Learn, Teach, Learn, Do 2


Teach others what you learn

As developers, we have to retain a lot of knowledge. A new concept presents itself almost daily if we are active in our learning. You have probably learned several things that could help you to become a better developer and then simply forgot them within a week or two. The best way I know to solidify those concepts and prevent them from escaping is to tell someone else about them.

Teaching has several effects. The first being that while preparing to teach you must understand a concept well enough to explain it to someone else. Secondly, you will get feedback on your understanding of the concept. If you don’t understand it well enough, whoever you are trying to teach it to will let you know, subtly or not. Most importantly, learning and then explaining will cause you to remember better than learning alone. Lastly, it will make you famous! Okay, it won’t make you famous, but it will help to make others aware of you. When striving to be a 6 Figure Developer, having more people know you exist is a great thing.

Where to start

I find that teaching your coworkers can be very rewarding. You’re in a “safe” place to screw up, surrounded by peers. Teaching at work is probably the best place to start. While you could grow organically and start by just answering questions when coworkers ask them. It would be quicker and more beneficial if you offered to do a lunch and learn.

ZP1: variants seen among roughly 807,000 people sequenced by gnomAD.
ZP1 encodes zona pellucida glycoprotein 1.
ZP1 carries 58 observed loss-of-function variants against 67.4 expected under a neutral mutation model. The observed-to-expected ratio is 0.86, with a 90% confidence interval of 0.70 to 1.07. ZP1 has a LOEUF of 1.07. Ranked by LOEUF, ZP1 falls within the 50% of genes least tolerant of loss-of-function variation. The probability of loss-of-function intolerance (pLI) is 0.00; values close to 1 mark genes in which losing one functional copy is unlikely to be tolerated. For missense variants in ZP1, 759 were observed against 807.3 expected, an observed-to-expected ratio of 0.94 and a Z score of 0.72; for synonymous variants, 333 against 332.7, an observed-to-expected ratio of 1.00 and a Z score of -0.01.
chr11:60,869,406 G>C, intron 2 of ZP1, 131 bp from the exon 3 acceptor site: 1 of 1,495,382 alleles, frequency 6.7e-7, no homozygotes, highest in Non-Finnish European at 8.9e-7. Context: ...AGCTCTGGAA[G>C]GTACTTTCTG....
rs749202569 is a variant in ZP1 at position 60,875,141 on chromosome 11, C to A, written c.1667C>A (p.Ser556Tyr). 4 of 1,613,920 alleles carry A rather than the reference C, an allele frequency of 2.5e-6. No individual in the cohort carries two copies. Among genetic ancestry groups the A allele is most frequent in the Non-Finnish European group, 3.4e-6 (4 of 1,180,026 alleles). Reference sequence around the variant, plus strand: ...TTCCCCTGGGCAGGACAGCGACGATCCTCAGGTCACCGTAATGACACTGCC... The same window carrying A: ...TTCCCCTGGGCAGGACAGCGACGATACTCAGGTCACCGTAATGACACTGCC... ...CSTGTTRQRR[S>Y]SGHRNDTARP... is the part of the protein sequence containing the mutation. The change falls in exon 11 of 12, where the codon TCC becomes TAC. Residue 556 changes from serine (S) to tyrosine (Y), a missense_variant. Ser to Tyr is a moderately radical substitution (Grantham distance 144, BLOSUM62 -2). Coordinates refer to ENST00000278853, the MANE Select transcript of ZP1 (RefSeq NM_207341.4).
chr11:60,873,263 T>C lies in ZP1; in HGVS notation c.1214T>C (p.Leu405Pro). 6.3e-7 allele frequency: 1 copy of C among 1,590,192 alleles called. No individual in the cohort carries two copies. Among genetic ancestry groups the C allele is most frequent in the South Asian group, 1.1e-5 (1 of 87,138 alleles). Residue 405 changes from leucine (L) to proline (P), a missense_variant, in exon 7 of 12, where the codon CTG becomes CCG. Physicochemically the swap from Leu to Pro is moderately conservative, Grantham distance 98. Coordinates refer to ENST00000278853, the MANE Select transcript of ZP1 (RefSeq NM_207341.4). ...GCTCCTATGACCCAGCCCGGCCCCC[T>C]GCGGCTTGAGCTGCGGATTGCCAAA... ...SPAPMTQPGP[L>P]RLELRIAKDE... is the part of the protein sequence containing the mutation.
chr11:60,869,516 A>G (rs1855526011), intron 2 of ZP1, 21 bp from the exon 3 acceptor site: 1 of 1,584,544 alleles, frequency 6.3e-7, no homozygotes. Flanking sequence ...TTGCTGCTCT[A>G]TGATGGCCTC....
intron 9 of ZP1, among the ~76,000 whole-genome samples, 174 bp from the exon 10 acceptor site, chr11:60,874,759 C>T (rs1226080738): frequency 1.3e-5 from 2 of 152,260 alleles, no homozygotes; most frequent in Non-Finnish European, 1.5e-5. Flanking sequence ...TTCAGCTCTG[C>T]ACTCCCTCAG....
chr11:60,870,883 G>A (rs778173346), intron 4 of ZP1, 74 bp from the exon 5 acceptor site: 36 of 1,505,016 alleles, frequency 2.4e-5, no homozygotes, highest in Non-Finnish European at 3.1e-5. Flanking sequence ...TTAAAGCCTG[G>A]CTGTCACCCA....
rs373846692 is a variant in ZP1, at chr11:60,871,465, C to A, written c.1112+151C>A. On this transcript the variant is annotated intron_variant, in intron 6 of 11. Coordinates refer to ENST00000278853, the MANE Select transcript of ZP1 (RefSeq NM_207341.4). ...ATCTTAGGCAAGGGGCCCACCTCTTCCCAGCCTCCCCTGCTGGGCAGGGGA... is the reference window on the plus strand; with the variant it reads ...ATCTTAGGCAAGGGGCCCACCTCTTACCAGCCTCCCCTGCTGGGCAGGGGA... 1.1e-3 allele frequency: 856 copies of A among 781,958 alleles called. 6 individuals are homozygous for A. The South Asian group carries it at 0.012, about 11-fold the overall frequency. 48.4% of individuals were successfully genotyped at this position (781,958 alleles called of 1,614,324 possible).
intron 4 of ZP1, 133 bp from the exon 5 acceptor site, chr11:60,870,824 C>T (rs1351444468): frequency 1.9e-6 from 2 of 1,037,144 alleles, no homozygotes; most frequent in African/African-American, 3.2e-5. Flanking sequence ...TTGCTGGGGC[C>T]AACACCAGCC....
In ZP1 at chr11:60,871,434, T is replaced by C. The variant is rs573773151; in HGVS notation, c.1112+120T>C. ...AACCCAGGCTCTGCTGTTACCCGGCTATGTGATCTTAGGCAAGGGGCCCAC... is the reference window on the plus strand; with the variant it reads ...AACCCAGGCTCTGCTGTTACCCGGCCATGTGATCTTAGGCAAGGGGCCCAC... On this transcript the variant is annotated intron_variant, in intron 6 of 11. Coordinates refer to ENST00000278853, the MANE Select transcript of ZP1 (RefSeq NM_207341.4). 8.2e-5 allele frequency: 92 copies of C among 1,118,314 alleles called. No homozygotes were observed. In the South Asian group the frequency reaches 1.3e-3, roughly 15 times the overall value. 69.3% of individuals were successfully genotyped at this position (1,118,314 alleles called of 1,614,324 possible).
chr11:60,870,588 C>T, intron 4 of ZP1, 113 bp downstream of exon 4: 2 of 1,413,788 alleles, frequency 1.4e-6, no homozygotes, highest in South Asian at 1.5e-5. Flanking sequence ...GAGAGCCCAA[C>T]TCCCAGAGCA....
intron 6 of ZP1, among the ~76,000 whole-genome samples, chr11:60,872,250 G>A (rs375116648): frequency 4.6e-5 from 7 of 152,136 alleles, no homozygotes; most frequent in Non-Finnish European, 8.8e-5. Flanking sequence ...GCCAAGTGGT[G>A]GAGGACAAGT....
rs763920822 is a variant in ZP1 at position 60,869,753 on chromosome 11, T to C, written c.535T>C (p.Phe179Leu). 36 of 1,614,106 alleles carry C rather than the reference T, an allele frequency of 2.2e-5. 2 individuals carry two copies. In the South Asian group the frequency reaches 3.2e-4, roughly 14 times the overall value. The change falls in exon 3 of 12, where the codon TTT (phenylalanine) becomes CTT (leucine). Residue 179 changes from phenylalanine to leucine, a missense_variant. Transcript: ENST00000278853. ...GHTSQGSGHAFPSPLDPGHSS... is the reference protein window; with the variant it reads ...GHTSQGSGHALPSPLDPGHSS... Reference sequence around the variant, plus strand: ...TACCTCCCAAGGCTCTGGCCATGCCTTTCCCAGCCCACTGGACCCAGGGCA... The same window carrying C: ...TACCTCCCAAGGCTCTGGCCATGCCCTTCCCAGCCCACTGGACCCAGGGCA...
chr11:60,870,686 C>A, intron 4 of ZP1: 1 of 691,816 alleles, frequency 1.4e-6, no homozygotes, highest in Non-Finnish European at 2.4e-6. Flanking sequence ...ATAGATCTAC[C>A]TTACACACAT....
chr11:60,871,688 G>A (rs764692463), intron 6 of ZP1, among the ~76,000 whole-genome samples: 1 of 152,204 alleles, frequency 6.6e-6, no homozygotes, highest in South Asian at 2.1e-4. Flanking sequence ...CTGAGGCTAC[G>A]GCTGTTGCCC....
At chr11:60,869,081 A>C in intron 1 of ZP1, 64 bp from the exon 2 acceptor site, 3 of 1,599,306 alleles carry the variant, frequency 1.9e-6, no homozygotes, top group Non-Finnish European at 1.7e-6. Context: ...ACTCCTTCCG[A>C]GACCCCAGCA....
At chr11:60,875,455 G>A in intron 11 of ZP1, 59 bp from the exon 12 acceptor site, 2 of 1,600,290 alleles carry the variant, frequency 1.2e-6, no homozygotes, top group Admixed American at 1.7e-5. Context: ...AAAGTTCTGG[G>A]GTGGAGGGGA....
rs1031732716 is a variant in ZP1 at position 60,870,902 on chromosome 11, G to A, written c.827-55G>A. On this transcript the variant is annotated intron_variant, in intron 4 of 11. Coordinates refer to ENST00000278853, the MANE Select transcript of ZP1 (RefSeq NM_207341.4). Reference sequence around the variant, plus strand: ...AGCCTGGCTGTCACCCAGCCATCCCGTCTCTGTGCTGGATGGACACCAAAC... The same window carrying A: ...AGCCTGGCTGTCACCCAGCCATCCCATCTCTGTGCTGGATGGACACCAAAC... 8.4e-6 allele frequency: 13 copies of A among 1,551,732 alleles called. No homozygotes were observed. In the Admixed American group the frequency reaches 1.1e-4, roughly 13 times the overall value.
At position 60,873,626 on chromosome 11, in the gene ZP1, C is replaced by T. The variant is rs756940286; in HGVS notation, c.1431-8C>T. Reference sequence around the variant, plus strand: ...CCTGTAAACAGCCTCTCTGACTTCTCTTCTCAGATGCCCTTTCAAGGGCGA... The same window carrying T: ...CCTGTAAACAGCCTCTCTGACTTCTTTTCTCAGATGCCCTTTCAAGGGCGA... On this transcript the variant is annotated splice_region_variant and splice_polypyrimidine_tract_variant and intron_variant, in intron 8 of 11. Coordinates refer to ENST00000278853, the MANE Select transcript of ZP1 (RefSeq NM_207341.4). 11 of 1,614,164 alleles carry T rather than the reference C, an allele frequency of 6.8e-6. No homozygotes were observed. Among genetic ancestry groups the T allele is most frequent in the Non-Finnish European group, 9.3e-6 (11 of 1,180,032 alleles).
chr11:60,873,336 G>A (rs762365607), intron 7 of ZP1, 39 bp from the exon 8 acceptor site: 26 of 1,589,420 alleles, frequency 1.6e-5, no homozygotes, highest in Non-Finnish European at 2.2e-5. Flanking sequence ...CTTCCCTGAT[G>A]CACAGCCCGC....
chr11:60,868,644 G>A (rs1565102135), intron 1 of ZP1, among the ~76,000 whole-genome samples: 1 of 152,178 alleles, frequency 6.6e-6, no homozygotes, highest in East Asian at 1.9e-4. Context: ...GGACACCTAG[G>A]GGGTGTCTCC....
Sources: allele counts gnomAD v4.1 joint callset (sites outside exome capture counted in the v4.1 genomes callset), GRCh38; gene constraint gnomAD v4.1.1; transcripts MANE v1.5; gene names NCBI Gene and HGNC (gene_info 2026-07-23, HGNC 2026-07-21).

A “Lunch & Learn” (L&L) is a formal meeting during lunch where you, the presenter, speak on a topic that would be beneficial to your coworkers and likely the company. The best part about L&L’s is they are short. You could talk to 5 minutes on a subject and that counts. Short talks are often called lightning talks and are much easier to prepare for and deliver. When just starting out I would suggest doing a lightning talk that lasts between 5 and 15 minutes. After your speech, ask your coworkers for any helpful criticism that they might have. Keep an open mind, as they may bring up a problem that you didn’t know existed. They are trying to be helpful and you can¬†either take the criticism to become a better speaker or you can get upset and unproductive. It’s up to you.

You’ve just delivered your first presentation at work, now what?

The next step is to present at a larger venue with a bunch of people you don’t know. That’s right, I’m talking about a User Group and/or Meetup. The benefits of a Meetup are a generally larger audience than what you might get at work, The audience is completely unknown to you, and they are likely still fairly forgiving. Meetups aren’t all sunshine and gumdrops though. A downside is you can no longer get the great feedback you got from your coworkers. If a presentation is great, you will probably have people tell you they enjoyed it. However, if the presentation is not great i.e. mediocre or bad, then you will probably not get much feedback and the group will simply leave the room. In the event that happens to you, don’t let it get you down. Not every presentation can be great and even great presentations don’t succeed at every venue.